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Scallop found to contain PSP toxin

  A scallop sample taken under the routine food surveillance programme for tests by the Centre for Food Safety (CFS) was found to contain a high level of Paralytic Shellfish Poisoning (PSP) toxin.

  “The level detected is 1,922 micrograms/100 grams. PSP toxin can cause symptoms such as numbness of the mouth and extremities and gastrointestinal discomfort. In severe cases, paralysis with respiratory arrest and even death may occur,” Principal Medical Officer (Risk Management) of the CFS, Dr Tina Mok, said today (April 27).

  “PSP toxin is a natural toxin sometimes found in bi-valve shellfish. It is heat-stable and cannot be destroyed through cooking. In view of the high level of toxin detected, we advise the public to avoid eating this kind of scallop for the time being,” she said.

  “The sample was collected from a fish stall at Yeung Uk Road Market. We are tracing the source of the scallop.”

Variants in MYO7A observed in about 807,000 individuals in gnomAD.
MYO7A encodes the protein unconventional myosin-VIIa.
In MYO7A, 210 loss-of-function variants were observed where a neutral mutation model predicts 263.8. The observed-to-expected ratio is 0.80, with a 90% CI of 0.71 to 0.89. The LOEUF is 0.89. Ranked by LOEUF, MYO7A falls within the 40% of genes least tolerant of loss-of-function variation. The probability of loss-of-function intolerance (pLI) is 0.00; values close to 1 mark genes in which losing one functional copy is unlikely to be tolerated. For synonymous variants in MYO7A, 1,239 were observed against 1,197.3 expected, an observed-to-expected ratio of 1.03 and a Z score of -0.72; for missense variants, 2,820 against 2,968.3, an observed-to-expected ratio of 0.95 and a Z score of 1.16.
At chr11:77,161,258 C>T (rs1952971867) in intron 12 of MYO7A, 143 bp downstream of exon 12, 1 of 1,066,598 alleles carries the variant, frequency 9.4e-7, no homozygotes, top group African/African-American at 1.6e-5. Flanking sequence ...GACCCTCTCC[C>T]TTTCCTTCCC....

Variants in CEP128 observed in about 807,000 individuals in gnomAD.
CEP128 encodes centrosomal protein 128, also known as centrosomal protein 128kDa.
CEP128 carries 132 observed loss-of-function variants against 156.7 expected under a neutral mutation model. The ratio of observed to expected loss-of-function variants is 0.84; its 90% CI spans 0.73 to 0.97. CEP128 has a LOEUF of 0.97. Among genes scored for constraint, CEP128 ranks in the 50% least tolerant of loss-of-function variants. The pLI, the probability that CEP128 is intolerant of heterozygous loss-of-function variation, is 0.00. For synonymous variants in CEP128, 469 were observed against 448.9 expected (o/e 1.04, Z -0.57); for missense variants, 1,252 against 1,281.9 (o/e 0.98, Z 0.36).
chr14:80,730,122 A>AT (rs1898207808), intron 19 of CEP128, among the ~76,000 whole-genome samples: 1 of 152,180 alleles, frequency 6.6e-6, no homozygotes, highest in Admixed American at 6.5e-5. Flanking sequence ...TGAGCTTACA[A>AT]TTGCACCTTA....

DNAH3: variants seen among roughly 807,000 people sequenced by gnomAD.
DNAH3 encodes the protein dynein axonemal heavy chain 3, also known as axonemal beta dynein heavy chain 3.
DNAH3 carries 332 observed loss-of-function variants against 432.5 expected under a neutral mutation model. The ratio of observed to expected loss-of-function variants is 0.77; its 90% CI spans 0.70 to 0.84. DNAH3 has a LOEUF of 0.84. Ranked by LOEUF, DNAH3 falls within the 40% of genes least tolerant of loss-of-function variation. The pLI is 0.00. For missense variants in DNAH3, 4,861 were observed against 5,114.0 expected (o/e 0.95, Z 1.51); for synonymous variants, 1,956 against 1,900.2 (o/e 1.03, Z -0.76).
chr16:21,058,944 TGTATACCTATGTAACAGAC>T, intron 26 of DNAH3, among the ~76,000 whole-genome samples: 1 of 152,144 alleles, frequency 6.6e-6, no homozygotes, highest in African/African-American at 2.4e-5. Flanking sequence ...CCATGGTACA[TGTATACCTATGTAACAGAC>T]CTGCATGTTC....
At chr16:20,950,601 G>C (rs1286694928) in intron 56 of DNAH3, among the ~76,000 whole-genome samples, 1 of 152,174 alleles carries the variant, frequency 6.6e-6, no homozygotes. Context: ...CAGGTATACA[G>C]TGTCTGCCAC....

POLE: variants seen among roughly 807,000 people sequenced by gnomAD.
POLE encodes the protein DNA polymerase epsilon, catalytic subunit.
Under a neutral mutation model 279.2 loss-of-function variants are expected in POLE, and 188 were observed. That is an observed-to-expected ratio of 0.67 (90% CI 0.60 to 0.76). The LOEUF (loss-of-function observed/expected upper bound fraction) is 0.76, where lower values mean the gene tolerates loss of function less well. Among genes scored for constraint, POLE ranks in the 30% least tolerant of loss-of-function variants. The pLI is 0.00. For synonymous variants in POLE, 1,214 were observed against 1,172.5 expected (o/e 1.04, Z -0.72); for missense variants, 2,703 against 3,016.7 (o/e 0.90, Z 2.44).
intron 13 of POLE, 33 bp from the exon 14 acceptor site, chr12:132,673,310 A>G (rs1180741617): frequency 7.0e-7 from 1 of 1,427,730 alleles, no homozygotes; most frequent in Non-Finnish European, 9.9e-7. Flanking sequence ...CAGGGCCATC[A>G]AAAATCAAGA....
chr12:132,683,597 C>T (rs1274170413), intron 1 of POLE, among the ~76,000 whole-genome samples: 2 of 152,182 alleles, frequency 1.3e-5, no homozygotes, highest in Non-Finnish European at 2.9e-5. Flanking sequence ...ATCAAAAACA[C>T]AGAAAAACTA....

“We will take more samples for testing and closely monitor the situation,” Dr Mok said.

  Following are some precautionary measures to avoid shellfish poisoning:

1) Buy shellfish from reliable and licensed seafood shops;

2) Remove the viscera, gonads and roe before cooking and eat a smaller amount of shellfish in any one meal;

3) Children, patients and the elderly may be susceptible to poisoning and should be cautious in consuming shellfish;

4) When symptoms occur after consuming shellfish, seek medical advice immediately.

Ends/Friday, April 27, 2007



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